My coaching practice Higher Vision Coaching has the tagline of “Inner peace to world peace.” I strive to live my own life as an example of what I teach and guide others to do.

In 1994, I was guided to start a global peace project called, “Let There Be Light!”. The focus of the project was to create a web of people, 1 for every 10,000, globally, working with the power of thought and intention to create peace. This is when I truly experienced miracles all around me. I love and believe in Albert Einstein’s quote: “There are two ways to live: you can live as if nothing is a miracle or you can live as if everything is a miracle”. I choose to live and coach as if everything is a miracle.


From the Archives: A New Name Reflects a Broader Mission
by Diane Krause-Stetson

Editor’s Note: It's been 7 years since the IAC changed the "C" from "Coaches" to "Coaching". In 2014, it's more pertinent than ever, with coaching happening in all areas of life! With a recent headline stating that coaching is becoming one of the fasted growing professions, it's more important than ever to the emphasis on the "verb" rather than the "noun". Read on to see what that means, or visit the article here.

A New Name Reflects a Broader Mission
by Diane Krause-Stetson, MCC

Diane Krause-StetsonAt its September meeting, the IAC Board of Governors reinforced its commitment to an expanded mission of evolving the highest standards of universal excellence in coaching. In practical terms, what this means is the Board unanimously voted to change the IAC’s name to the "International Association of Coaching" effective January 2007.

What's in a name?

Is there a difference? What is a coach? What is coaching? Instead of limiting the IAC's focus to individuals who have decided to enter into the profession of coaching, the organization will serve all professionals who recognize the value of coaching and apply the coaching approach to their particular profession. The coaching approach has caught on. The techniques, skills and art of coaching are used in a number of professions, including business management, teaching, nursing, and counseling.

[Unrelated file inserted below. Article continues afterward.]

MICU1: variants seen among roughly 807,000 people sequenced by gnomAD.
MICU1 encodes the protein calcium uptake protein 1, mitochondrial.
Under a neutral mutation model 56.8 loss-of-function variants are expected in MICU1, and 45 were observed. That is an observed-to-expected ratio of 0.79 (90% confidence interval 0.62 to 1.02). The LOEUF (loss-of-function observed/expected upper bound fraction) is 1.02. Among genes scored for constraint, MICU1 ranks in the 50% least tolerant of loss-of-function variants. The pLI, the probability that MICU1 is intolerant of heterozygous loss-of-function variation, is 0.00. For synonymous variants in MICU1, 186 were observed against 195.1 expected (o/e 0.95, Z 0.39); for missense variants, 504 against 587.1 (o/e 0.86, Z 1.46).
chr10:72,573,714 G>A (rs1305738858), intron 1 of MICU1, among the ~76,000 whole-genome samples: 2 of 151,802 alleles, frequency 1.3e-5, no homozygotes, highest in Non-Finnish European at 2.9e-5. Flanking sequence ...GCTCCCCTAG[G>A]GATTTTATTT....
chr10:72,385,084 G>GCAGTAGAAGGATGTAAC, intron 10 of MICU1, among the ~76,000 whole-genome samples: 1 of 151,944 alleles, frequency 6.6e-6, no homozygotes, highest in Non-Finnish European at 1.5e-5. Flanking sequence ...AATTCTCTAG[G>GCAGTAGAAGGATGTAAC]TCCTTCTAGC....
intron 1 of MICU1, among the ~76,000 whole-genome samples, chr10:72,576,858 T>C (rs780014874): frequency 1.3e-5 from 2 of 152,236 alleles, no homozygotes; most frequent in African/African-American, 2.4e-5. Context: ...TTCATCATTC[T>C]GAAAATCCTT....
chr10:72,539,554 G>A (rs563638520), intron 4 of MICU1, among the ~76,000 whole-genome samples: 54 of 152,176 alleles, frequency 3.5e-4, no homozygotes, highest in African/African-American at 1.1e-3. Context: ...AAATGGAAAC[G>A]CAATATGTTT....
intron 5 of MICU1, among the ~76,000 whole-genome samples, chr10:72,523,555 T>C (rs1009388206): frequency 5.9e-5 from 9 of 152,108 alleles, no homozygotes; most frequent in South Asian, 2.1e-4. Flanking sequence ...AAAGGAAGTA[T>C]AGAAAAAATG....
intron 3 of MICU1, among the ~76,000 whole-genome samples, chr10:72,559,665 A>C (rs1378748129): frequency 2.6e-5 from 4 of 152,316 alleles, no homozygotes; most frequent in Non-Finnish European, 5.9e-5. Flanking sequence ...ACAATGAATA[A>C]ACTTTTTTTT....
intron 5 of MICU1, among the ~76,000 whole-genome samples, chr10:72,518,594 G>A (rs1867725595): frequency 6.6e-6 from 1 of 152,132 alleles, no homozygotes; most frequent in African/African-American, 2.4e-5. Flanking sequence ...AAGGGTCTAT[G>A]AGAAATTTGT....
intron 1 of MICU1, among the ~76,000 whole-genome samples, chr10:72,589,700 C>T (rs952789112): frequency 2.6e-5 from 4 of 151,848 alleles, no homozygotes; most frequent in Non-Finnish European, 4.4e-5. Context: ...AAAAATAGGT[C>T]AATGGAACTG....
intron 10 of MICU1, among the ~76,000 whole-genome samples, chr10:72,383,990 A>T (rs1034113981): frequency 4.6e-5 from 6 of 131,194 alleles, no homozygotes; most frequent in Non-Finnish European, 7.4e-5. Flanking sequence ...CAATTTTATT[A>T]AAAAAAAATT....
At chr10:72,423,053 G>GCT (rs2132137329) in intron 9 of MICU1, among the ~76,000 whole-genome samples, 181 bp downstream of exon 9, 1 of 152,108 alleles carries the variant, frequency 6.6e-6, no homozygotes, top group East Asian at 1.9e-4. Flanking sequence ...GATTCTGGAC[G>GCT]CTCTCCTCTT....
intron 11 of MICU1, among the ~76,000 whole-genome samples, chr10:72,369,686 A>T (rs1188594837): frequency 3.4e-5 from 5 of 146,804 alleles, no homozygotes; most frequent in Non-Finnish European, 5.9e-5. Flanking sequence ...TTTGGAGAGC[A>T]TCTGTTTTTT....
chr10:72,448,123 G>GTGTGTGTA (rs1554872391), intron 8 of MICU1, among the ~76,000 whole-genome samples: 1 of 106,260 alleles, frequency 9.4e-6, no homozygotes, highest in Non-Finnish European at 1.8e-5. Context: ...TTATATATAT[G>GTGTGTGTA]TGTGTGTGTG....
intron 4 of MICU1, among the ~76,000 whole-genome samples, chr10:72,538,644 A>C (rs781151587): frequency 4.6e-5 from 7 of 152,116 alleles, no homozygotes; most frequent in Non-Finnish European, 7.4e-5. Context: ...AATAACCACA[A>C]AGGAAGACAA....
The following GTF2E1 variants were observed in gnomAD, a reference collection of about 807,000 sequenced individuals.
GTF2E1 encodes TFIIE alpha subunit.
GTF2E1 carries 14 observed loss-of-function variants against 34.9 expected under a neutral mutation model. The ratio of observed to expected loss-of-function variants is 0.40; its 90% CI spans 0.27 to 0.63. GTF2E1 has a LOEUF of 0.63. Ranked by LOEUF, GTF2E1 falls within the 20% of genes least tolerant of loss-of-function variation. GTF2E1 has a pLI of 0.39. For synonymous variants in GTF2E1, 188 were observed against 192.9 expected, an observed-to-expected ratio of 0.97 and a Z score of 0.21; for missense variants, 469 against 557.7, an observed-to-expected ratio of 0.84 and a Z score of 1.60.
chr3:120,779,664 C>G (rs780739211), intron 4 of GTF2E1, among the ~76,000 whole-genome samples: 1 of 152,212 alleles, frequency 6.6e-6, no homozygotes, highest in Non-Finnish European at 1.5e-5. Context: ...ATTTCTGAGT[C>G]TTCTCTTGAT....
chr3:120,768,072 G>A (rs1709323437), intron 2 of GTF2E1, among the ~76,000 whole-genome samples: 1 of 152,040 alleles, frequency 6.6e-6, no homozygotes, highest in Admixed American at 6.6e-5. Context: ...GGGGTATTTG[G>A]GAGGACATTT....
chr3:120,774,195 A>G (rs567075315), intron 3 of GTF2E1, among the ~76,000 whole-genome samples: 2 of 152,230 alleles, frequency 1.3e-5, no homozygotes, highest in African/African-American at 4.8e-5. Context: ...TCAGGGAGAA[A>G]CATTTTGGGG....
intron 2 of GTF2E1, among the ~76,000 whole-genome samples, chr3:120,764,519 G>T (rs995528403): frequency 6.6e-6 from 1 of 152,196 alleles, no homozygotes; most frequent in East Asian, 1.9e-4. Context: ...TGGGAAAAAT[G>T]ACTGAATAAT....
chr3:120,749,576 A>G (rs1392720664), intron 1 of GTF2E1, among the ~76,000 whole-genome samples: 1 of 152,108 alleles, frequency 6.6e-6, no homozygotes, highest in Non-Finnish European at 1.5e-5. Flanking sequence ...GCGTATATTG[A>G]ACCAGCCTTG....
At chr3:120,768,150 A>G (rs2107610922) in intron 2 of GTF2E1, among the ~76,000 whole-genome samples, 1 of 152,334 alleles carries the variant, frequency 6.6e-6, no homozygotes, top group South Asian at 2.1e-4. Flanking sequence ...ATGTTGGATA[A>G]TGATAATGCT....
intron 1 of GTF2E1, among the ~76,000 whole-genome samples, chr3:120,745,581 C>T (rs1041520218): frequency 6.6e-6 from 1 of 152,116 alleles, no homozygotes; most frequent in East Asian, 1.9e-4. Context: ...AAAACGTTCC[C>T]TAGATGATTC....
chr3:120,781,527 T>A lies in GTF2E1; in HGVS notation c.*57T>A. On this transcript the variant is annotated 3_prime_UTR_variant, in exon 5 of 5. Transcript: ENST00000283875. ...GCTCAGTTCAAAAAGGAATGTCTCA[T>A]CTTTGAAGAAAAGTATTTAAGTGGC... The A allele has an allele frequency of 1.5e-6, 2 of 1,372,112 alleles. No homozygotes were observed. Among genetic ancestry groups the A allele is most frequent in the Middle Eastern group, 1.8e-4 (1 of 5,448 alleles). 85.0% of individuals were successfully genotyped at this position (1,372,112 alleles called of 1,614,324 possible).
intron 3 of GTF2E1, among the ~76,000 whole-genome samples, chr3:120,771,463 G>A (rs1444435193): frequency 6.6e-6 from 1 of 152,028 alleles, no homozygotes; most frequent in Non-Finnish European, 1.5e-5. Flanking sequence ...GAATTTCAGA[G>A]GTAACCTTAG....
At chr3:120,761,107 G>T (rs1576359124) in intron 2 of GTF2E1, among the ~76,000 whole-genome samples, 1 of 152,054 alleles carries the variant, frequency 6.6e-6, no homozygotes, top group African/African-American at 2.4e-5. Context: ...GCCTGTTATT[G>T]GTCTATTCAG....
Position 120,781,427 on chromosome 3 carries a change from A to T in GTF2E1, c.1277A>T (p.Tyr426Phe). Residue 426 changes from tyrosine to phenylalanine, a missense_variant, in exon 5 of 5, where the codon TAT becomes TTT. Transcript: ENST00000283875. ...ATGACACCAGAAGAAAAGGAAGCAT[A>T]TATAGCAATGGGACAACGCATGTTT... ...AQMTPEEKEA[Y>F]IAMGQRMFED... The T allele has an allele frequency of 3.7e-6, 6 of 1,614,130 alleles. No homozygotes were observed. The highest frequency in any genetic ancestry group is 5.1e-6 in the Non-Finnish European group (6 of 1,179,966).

By expanding the mission and focus of the IAC and welcoming this broader group of professionals, our organization can have a greater influence on advancing the highest standards of universal excellence in coaching, regardless of the context in which the coaching is offered or the title of the person serving as the coach.
Being a coach vs. being an effective coach

This discussion is not new. From the beginning, Thomas J. Leonard opined that "Everyone is a coach". Then, as the proficiencies were developed, taught and implemented, it became clear that while anyone can call himself a coach, not everyone can coach proficiently. For the benefit of the profession of coaching, standards were developed and continue to evolve (most recently in the IAC Masteries). A certification process was designed, with a panel of masterful coaches ensuring someone with an IAC certification can demonstrate coaching ability at the highest level.

Profession vs. professionalism

At the outset of the development of the IAC Masteries, the team focused on the behaviors and abilities that appear during a masterful coaching conversation. These masterful coaching behaviors and abilities could easily be present between a coach and a client, a teacher and a student, or a manager and a direct report. It became clear that it is the way in which the interaction and dialogue is demonstrated, and not the title of the person who is engaged in the act of coaching, that is critical to the professionalism of coaching. Again, this is a subtle shift in wording: "professionalism" versus "profession".

Coaches vs. coaching

Last year, I read an essay called "Project Coaching: Nouns and Verbs" by Lable Braun. Lable's essay argues that coaches should return to (or not leave) the corporate world to become a coach but to remain within the business world and embrace the many opportunities to coach. (Editor's note: Lable Braun's essay will be printed in the next issue of the VOICE.)

And voila! A new name for the IAC

I thought Lable's essay was an elegant and compelling illustration of the importance of expanding the conversation in the coaching field, and indeed within the IAC as an organization. After much heartfelt discussion, the IAC decided to use the term "coaching" instead of "coaches" in its name. It's a subtle but powerful reminder to us all about the larger arena in which we can be of service.


Member Survey Update
by Nina East

BIG, big thanks to everyone who participated in the recent member survey. 130 of us participated and shared ideas, experiences and "wishes" that will help the IAC continue to improve, meet our needs even more, and fine tune the implementation of the strategic plan. We also have a plethora of new information about the website that will be incorporated into the updates currently in the works.

We are still digesting the information – and there was a lot of it! So stayed tuned to the next issue of the VOICE where we'll share a summary of what we, the members, had to say about our organization.

IAC Survey Gift Card Winners

Thank you to all who completed the IAC survey last month, and congratulations to our gift card winners, listed here:

Gina From Mexico

Marco from Canada

Wouter from the Phillipines

Vicky from the US

Andree from Canada


New Masteries Practitioners

Congratulations to Jorge L. España from Querétaro, Mexico who recently earned the Masteries Practitioner Designation!


New IAC Coaching Masteries® licensed schools and mentors


Coach Gabriel Osorio